Towards Adaptable Inquiry

orientation in the land of Framework B. The truth is design is a relatively late arrival at the distributed creativity co-creation party. Others have been engaged in Framework B co-creation for decades. What is changing is that design is now at the party with new combinations of human-centered skills including meta process, innovation research, model thinking, and visual sense-making. Much of what is new involves those new cross-disciplinary combinations working together on equal terms. It is likely that there are already numerous forms of Strategic Framework X out there in the transformation design community actively at work. While neotranscendentalist notions can provide great problem formulation impetus lets not get that one aspect confused with the broader meta process of co-creation and transformation. Lets not assume that content knowledge is process knowledge. It is not. Both are needed. Adaptable Inquiry represents a great chance to get ready for diverse challenges and continuous change. Hope this is helpful.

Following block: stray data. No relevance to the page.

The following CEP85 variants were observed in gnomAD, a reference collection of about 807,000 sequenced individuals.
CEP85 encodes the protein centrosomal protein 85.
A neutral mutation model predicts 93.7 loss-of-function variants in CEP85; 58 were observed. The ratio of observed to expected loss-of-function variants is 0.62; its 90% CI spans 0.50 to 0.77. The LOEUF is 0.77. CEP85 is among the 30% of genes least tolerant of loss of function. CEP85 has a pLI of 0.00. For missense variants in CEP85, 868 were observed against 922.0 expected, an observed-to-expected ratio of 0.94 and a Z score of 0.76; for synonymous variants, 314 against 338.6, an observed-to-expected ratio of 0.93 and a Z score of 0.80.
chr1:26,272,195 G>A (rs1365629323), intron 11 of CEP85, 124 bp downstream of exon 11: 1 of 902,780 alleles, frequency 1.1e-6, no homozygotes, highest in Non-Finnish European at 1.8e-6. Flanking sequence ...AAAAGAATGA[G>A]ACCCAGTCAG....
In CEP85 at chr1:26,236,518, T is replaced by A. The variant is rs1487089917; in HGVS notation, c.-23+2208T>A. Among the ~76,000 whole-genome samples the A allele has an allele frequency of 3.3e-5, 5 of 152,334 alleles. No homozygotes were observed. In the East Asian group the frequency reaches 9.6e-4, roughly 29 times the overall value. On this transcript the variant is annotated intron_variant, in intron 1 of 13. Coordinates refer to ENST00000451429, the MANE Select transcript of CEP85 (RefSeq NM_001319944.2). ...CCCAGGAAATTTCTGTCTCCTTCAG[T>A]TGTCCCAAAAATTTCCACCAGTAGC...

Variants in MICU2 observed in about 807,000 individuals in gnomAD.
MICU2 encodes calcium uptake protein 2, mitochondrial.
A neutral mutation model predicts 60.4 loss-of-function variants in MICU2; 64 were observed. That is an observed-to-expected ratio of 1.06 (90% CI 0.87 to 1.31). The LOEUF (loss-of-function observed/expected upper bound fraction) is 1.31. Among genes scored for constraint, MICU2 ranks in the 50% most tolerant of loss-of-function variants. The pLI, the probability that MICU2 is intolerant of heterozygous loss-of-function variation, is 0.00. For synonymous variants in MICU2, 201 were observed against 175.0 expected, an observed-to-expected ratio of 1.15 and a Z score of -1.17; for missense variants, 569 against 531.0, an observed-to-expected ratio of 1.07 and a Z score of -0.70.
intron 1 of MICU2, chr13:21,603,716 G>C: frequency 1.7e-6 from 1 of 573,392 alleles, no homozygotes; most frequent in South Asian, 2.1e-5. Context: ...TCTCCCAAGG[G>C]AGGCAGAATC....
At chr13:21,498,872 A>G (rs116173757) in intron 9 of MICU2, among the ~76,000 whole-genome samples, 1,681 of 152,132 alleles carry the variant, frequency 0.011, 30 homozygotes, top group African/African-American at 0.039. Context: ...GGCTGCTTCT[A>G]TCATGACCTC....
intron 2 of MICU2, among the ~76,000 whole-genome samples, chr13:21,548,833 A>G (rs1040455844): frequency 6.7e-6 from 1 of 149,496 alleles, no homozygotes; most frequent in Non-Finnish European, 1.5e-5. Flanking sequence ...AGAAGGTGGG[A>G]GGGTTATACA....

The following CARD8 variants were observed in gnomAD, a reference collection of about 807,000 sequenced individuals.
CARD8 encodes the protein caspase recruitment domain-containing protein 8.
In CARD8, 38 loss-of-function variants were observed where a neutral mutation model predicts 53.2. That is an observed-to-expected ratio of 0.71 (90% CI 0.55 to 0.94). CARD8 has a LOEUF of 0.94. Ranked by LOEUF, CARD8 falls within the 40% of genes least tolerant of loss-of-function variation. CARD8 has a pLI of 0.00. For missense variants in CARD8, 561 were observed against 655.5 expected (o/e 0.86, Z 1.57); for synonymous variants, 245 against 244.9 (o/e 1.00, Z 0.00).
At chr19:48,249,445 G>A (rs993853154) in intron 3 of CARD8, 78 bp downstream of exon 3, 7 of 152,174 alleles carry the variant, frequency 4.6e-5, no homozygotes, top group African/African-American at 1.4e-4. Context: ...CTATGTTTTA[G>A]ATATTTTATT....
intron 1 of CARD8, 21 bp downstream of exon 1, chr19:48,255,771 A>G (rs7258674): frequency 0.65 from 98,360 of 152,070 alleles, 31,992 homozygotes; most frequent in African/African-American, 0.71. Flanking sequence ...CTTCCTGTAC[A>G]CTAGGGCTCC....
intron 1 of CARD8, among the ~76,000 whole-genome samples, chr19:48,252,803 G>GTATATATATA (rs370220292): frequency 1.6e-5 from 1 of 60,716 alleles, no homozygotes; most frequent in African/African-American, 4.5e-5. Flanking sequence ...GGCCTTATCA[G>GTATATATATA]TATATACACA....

NextD Journal RERETHINKING DESIGN

NextDesign Leadership Institute DEFUZZ THE FUTURE! www.nextd.org Questions: Please direct all questions to journal@nextd.org Follow NextD Journal on Twitter: www.twitter.com/nextd Page 7 of 7

Towards Adaptable Inquiry: Transforming That Sustainability Thing  

In 2008 GK VanPatter pointed out the need for multiple process mastery as designers move from working on simple framed product and service c...

Towards Adaptable Inquiry: Transforming That Sustainability Thing  

In 2008 GK VanPatter pointed out the need for multiple process mastery as designers move from working on simple framed product and service c...